US bans import of drugs from Sun Pharma’s Vadodara unit

The import alert is for deviations of a serious nature from good manufacturing practices; However, lndia’s biggest drug firm by market-cap says the ban would have ‘negligible’ impact on its revenues

US bans import of drugs from Sun Pharma’s Vadodara unit

MUMBAI : The US Food and Drug Administration has imposed an import alert on Sun Pharmaceutical Industries Ltd’s manufacturing unit at Karkhadi, near Vadodara in Gujarat, for violation of good manufacturing practices norms, according to a notice on the regulator’s website.

The alert means that Sun Pharma cannot sell any product made at the unit in the US. The company makes both formulations and active pharmaceutical ingredients at the unit.

The import alert is listed as “Import Alert 66-40”, which is for deviations of a serious nature from good manufacturing practices and authorises the FDA to seize products from such facilities without physical examination of the drugs.

“DWPE (detention without physical examination) of such firms remains in effect until such time as FDA is satisfied that the appearance of a violation has been removed, either by re-inspection or submission of appropriate documentation to the responsible FDA Centre,” the regulator said.

Shares of Sun Pharma declined sharply following the news and ended the day at Rs 573.60, down 5.03 per cent at the BSE. During the day, the drug firm’s stock declined by 6.35 per cent to Rs 565.60.

In a statement later, the company said the contribution of the Karkhadi facility to Sun Pharma’s consolidated revenues is negligible and maintained its revenue growth guidance for 2013-14 (Apr-Mar). Sun Pharma has revised its revenue growth guidance upwards twice this year. In February, the company said it expects consolidated revenues to grow 29% in 2013-14 from 25% guided in November.

“The news will not have major impact financially, as the plants contribution to the overall sales is not significant,” Sarabjit Kaur Nangra, vice-president research at Angel Broking, said adding that the company has 12 US FDA approved facilities. Of the 12 units, six are in the US, three in India, and one in Canada, Israel and Hungry each.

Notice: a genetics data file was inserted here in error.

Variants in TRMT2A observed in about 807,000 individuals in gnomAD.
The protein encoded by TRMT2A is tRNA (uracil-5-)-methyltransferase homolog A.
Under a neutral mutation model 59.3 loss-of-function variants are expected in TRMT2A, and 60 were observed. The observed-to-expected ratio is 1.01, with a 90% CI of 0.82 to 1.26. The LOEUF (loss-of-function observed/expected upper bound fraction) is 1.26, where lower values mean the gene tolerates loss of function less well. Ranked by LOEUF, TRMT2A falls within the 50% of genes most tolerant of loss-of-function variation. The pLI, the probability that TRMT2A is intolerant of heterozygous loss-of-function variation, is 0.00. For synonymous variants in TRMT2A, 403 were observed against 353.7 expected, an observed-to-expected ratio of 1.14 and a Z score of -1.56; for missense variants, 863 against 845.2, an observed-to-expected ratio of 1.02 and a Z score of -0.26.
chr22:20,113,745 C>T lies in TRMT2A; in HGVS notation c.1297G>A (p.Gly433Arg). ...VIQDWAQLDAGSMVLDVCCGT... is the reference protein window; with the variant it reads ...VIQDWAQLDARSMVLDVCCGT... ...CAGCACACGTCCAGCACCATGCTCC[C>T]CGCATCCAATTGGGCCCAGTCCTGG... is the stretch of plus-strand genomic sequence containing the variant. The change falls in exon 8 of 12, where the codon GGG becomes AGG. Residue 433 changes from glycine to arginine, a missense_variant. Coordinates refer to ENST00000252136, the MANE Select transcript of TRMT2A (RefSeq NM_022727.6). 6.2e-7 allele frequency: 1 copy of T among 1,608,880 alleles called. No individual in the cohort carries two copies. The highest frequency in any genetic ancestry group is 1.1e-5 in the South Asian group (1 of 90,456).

“Thus, the company has well diversified manufacturing infrastructure to cater to the US markets, which contribute around 54% of its sales,” Nangra said. “Moreover, the company has successfully resolved such issues in the past.”

The company said the import alert for its cephalosporin facility at Karkhadi was issued by the FDA following an inspection of the facility, during which it identified violation of “some non-compliance of current good manufacturing practice regulations. “The company remains fully committed to compliance and has already initiated several corrective steps to address the observations made by the US FDA.” Following an import alert, companies need to take corrective steps to address all issues raised by the US FDA, following which the regulator inspects the facility again. The alert is only lifted if the US FDA is satisfied by the measures taken.

Earlier this week, Sun Pharma had voluntarily recalled 2,528 bottles of its generic version of diabetes drug Glumetza in the US on the basis of a customer complaint.

USFDA has been cracking down heavily for non-compliance of manufacturing norms and various facilities of firms like Ranbaxy and Wockhardt have already been banned from importing drugs into the US market.

While all plants of Daiichi Sankyo controlled Ranbaxy Laboratories in India have been banned from exporting drugs to the US, Wockhardt has also faced similar actions on its two plants in the country.         -Cogencis

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